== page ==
The Regional Church & Strategic Collaboration (4/6)

The Regional Church & Strategic Collaboration (4/6)

Church Planting Strategies & the Regional Church

So far, we have established the biblical basis of the regional church. We have also discussed strategic benefits that result when churches in a particular geographic area identify as the regional church, and collaborate for mission. At this point it is important to discuss some practical ways the regional church can engage in the work of church planting today. In my research the most helpful literature on this subject came from a book by Craig Ott and Gene Wilson called, Global Church Planting: Biblical Principles and Best Practices for Church Multiplication.[1] In the book the authors note five modern regional approaches to church planting partnerships. Four of them are relevant for the purposes of this discussion.

The Harvest Priority

First, there is the Harvest Priority. Explaining this approach, the authors write, “In the early years of Protestant pioneer mission work, missionaries often evangelized from village to village and then focused church-planting efforts on those locations where people were most receptive to the gospel.”[2] In this model, regional church congregations could combine personnel and resources for collaborative evangelistic and discipleship activities in a community, in which the Holy Spirit is manifesting spiritual revival and awakening.

The Strategic Beachhead Priority

Second, Ott and Wilson point to what they call, the Strategic Beachhead Priority. Describing this approach, they write,

The strategic beachhead approach seeks to establish a spiritual foothold in several political, commercial, or educational centers. From those influential cities, churches can be planted in outlying suburbs, towns, or villages. This reflects the apostle Paul’s focus on planting churches in centers such as Corinth and Ephesus, from which the gospel would emanate to the surrounding environs.[3]

Whereas it can be difficult for churches to have this kind of influence alone, groups of churches working together on a regional level may have more success. This is especially true in cross-cultural situations where numbers of Christians and churches are often much smaller than in North America, for example.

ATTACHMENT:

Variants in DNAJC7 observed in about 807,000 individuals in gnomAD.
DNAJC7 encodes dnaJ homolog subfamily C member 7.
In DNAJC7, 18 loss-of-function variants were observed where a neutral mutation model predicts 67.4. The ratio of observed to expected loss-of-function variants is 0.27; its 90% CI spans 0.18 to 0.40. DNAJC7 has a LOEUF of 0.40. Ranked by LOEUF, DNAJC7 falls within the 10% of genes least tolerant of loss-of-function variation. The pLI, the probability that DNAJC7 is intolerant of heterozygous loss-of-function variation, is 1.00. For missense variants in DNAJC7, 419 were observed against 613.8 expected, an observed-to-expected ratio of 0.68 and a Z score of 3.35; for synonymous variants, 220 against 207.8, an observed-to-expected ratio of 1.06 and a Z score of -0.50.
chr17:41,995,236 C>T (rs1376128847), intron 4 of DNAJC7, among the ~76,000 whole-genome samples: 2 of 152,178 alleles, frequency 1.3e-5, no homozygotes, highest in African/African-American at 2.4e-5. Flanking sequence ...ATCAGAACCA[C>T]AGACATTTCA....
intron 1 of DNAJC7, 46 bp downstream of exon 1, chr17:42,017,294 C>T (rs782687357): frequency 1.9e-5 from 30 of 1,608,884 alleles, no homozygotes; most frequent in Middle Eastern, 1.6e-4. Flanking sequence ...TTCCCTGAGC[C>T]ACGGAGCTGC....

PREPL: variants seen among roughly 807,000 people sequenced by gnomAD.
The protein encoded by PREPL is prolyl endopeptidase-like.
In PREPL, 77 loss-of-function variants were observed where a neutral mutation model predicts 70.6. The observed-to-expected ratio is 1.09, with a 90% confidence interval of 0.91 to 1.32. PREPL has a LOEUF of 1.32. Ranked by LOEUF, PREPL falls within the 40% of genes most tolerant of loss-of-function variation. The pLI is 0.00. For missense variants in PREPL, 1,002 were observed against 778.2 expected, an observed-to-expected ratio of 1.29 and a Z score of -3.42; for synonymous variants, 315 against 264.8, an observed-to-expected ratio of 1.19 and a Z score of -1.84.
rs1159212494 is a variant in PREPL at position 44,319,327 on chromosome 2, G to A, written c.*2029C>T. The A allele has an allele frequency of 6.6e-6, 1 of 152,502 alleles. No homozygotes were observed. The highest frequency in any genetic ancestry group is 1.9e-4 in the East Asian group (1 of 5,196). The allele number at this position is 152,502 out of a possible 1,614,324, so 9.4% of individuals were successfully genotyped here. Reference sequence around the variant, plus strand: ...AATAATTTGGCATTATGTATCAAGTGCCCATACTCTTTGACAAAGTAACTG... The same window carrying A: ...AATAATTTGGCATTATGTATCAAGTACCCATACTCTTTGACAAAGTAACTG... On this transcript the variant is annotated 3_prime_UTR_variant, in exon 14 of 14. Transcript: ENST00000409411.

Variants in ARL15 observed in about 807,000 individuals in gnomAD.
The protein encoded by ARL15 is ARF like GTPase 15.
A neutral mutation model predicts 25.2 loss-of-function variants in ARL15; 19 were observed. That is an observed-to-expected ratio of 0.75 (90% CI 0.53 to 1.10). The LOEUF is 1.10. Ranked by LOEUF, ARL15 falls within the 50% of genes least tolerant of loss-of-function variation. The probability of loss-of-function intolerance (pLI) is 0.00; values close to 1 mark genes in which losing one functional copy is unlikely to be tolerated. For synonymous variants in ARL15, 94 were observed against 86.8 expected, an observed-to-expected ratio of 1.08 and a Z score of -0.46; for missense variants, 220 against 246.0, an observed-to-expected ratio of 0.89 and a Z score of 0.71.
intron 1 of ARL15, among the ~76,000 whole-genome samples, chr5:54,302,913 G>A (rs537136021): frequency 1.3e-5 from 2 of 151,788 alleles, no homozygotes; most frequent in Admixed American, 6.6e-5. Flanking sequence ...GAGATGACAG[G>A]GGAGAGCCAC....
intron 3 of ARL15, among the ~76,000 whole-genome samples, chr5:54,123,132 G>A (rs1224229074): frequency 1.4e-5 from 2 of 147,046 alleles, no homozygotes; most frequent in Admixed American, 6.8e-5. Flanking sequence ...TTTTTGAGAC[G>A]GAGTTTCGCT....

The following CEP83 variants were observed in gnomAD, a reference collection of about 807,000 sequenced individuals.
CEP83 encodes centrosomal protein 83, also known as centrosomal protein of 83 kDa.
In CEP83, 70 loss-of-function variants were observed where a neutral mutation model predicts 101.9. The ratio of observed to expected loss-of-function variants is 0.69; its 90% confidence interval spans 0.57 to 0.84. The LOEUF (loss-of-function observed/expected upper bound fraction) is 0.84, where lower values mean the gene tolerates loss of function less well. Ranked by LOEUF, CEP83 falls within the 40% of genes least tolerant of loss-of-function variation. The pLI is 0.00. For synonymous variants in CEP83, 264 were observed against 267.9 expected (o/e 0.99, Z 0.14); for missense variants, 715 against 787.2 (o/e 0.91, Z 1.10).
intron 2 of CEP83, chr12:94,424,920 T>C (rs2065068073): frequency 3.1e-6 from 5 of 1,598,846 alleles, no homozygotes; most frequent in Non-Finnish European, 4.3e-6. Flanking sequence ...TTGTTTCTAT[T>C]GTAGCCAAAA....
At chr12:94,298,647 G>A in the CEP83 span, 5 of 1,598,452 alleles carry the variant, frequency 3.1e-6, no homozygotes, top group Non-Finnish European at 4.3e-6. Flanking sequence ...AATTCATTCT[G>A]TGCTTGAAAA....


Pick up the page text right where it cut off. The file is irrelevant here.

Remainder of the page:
Cluster Church Planting

Third, the authors discuss what they call, Cluster Church Planting. Explaining this approach, they write,

The initial goal is to plant several churches in a more limited geographical area, such as a single major metropolitan region. Rather than church-planting teams being spread far and wide, they are clustered in one area. The strength of this approach is that the church planters and the emerging churches are in reasonable proximity to one another so that they can meet for mutual encouragement, have periodic common celebrations, offer joint training of workers, and assist one another in evangelistic and other efforts. If the movement is being driven by lay leaders, churches in the cluster can share lay preachers, further reducing the load on any one church.[4]

This is a beautiful and exciting portrait of the way churches can work together in a specific regional area for church planting. A sense of shared identity and commitment to mission collaboration as the regional church can make this kind of creative dynamic in church planting achievable.

Spreading the Vine Church Planting

Lastly, Ott and Wilson discuss what they call, Spreading Vine Church Planting. They explain this regional church planting approach this way:

Church-planting movements can also grow like strawberry plants or vines, by planting one church after another, from one town to the next, often following a major trade route or highway. Each church planted becomes the launching point for another daughter church in the next town or city down the road.[5]

This author sees value in this approach, especially if the target area is in a region with few or no existing evangelical churches.

The purpose of summarizing Ott and Wilson’s work above is to provide helpful examples of some modern creative approaches to regional church planting partnerships. Certainly, there are many other ways regional expressions of the church can engage in church planting. However, Ott and Wilson provide some of the most well-researched examples of effective regional church partnership strategies in church planting today.


[1] Ott, Craig; Wilson, Gene. Global Church Planting: Biblical Principles and Best Practices for Multiplication. Baker Academic, 2011.

[2] Ibid. PG 144.

[3] Ibid. PG 145.

[4] Ibid. PG 146.

[5] Ibid. PG 148.

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